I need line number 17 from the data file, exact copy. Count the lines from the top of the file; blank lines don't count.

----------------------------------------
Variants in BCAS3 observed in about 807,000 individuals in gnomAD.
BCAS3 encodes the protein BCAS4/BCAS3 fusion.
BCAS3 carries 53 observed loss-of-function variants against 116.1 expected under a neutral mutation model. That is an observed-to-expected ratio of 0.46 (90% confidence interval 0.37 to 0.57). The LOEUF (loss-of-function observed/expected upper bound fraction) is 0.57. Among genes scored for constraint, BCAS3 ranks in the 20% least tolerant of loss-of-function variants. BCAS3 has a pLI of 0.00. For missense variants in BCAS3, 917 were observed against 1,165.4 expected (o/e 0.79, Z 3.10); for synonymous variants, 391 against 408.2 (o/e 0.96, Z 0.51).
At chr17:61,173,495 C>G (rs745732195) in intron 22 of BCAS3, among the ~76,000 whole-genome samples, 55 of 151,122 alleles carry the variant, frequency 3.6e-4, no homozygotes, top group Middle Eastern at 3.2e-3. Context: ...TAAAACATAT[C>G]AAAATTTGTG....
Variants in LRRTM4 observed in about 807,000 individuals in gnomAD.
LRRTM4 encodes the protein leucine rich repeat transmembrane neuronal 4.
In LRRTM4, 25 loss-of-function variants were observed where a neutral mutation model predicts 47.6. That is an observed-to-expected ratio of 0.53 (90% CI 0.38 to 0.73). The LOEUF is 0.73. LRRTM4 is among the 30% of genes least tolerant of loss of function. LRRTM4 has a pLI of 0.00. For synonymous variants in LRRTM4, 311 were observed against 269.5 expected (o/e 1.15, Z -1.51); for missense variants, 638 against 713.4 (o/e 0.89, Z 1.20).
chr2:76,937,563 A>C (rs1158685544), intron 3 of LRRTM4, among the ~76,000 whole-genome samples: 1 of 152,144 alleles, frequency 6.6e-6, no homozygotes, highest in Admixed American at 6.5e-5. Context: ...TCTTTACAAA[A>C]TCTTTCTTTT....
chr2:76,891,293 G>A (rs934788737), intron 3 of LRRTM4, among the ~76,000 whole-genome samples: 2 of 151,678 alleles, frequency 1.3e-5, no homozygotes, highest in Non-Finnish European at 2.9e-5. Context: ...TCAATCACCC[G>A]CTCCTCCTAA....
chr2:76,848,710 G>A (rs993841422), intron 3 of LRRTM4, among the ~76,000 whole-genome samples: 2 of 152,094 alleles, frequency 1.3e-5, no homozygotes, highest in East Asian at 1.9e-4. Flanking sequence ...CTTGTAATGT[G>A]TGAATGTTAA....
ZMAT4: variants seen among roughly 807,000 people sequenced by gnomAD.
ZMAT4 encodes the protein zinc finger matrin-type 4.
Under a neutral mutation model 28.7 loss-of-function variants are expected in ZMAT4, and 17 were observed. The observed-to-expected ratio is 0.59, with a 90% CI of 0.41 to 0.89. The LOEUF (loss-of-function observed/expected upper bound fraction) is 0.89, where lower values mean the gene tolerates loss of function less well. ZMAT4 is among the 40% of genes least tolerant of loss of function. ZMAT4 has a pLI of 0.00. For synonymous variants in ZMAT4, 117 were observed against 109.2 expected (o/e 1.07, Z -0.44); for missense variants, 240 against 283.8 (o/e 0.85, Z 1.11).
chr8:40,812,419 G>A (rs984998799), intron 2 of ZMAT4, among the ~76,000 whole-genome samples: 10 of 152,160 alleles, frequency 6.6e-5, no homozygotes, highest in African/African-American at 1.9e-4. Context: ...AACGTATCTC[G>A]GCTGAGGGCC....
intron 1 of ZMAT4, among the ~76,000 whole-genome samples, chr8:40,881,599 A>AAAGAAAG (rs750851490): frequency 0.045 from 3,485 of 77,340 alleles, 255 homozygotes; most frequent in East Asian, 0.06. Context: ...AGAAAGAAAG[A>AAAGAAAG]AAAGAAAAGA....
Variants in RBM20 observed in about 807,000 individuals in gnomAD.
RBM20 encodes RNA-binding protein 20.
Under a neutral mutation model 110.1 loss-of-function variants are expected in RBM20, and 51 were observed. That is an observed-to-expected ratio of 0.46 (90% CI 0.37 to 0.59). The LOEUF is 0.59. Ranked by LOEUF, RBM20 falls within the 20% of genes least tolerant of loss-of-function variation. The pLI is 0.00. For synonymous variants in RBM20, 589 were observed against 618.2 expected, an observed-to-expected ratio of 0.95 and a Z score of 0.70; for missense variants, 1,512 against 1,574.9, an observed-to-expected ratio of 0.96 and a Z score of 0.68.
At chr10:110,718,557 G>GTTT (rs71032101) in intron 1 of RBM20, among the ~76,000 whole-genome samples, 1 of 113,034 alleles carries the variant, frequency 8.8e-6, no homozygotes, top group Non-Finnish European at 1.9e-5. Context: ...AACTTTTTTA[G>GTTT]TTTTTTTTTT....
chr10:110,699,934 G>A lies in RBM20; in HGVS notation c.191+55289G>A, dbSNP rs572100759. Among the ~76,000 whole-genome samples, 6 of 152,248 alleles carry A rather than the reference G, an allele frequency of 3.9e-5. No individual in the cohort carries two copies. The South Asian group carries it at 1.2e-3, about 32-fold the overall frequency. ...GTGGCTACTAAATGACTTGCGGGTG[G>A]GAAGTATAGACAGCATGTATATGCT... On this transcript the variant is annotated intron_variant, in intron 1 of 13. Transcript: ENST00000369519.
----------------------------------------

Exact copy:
RBM20 encodes RNA-binding protein 20.